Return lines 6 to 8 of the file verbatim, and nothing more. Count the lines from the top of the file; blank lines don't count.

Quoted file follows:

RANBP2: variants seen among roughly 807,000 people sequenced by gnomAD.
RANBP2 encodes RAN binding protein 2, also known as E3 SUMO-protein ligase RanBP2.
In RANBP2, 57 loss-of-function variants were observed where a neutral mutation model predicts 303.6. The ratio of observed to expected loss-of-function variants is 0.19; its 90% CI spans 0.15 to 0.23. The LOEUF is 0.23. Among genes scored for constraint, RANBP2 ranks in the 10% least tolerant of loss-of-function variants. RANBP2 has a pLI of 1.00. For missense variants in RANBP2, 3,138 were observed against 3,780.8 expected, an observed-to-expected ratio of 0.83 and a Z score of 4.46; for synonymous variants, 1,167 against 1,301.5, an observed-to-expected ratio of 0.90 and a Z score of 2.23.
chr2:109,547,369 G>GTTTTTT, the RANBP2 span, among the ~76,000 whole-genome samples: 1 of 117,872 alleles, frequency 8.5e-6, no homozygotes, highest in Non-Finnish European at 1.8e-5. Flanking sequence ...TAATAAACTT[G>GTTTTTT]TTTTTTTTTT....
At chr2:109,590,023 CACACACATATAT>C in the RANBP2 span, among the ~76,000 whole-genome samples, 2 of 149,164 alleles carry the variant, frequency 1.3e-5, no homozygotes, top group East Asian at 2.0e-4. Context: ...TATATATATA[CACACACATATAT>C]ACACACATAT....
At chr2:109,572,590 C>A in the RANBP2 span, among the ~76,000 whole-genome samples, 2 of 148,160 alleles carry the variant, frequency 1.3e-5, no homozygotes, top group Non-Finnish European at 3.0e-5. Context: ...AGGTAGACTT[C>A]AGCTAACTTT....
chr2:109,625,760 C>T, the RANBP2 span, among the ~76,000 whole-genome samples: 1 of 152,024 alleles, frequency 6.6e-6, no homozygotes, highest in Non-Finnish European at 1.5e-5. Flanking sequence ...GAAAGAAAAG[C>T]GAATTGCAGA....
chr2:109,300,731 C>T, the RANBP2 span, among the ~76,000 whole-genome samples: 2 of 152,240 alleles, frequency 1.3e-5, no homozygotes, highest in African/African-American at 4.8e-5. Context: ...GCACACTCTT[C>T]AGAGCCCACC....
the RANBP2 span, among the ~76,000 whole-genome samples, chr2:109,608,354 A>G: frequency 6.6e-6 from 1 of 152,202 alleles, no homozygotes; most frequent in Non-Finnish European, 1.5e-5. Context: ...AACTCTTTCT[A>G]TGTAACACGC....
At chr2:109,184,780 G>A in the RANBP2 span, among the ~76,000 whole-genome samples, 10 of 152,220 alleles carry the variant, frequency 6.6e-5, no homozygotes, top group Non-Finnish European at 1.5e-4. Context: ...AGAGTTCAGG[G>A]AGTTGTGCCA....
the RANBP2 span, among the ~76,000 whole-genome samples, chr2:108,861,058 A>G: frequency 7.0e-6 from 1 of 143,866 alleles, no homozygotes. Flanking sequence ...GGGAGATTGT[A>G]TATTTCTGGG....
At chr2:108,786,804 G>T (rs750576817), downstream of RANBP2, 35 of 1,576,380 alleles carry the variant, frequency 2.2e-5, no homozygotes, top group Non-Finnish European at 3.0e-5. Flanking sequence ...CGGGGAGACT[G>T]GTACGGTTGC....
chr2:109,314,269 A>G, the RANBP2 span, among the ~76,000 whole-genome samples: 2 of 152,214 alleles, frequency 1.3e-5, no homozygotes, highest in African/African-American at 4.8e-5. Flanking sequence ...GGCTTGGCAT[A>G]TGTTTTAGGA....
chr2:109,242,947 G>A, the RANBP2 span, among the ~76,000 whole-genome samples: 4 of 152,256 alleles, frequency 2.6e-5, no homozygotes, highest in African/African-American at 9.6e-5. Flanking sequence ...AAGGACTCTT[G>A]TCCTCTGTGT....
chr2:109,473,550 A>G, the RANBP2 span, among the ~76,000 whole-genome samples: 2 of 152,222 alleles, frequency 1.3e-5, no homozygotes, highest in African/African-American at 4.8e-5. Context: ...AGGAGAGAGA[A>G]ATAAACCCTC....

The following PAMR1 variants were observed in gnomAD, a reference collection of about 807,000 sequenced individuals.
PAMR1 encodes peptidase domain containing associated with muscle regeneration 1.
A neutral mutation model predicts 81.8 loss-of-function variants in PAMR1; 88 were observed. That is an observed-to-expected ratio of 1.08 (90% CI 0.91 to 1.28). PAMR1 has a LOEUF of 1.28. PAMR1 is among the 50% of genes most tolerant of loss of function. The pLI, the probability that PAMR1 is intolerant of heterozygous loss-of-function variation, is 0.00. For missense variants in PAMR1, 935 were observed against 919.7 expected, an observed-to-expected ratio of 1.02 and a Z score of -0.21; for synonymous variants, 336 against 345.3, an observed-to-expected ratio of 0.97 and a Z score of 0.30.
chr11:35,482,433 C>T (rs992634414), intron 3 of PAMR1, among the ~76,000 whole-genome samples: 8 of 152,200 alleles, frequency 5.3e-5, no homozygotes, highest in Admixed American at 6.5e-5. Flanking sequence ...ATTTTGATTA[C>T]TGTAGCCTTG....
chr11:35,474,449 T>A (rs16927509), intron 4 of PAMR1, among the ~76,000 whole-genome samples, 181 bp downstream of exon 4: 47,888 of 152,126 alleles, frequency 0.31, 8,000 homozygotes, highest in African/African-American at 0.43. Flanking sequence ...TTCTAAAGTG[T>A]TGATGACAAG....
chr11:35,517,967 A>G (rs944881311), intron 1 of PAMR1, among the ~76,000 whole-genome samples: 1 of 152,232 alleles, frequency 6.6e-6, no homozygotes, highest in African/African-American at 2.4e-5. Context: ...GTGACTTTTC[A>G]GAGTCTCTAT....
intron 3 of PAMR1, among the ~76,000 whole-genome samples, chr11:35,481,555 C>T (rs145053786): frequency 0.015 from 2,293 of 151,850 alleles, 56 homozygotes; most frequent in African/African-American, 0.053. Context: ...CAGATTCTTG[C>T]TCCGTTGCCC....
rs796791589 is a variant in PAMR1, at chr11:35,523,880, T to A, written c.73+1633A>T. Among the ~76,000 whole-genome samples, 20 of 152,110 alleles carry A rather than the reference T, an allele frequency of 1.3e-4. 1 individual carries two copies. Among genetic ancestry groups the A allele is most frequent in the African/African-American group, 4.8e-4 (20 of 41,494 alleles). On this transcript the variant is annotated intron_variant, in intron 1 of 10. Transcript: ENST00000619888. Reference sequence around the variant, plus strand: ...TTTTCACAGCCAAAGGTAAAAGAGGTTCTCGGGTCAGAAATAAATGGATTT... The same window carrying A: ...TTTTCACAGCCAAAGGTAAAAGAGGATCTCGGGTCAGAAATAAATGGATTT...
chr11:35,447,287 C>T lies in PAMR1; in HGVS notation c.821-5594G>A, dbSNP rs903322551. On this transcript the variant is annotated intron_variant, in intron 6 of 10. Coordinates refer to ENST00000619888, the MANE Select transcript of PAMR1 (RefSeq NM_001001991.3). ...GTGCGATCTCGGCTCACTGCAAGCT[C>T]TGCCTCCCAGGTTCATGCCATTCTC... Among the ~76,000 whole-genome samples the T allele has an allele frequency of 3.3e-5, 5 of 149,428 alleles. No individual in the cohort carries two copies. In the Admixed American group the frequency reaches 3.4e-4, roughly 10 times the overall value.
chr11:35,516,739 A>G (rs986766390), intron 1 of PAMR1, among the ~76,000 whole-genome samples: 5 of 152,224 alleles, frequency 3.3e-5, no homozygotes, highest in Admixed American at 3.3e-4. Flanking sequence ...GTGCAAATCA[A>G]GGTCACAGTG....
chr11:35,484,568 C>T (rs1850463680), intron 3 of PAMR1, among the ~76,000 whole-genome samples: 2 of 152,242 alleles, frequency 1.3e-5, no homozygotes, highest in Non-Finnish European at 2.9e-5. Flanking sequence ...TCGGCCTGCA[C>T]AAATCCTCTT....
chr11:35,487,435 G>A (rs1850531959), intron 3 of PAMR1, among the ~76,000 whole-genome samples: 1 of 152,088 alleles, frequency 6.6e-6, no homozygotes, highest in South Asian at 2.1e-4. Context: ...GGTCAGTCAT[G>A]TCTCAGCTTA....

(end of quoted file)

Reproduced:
At chr2:109,572,590 C>A in the RANBP2 span, among the ~76,000 whole-genome samples, 2 of 148,160 alleles carry the variant, frequency 1.3e-5, no homozygotes, top group Non-Finnish European at 3.0e-5. Context: ...AGGTAGACTT[C>A]AGCTAACTTT....
chr2:109,625,760 C>T, the RANBP2 span, among the ~76,000 whole-genome samples: 1 of 152,024 alleles, frequency 6.6e-6, no homozygotes, highest in Non-Finnish European at 1.5e-5. Flanking sequence ...GAAAGAAAAG[C>T]GAATTGCAGA....
chr2:109,300,731 C>T, the RANBP2 span, among the ~76,000 whole-genome samples: 2 of 152,240 alleles, frequency 1.3e-5, no homozygotes, highest in African/African-American at 4.8e-5. Context: ...GCACACTCTT[C>T]AGAGCCCACC....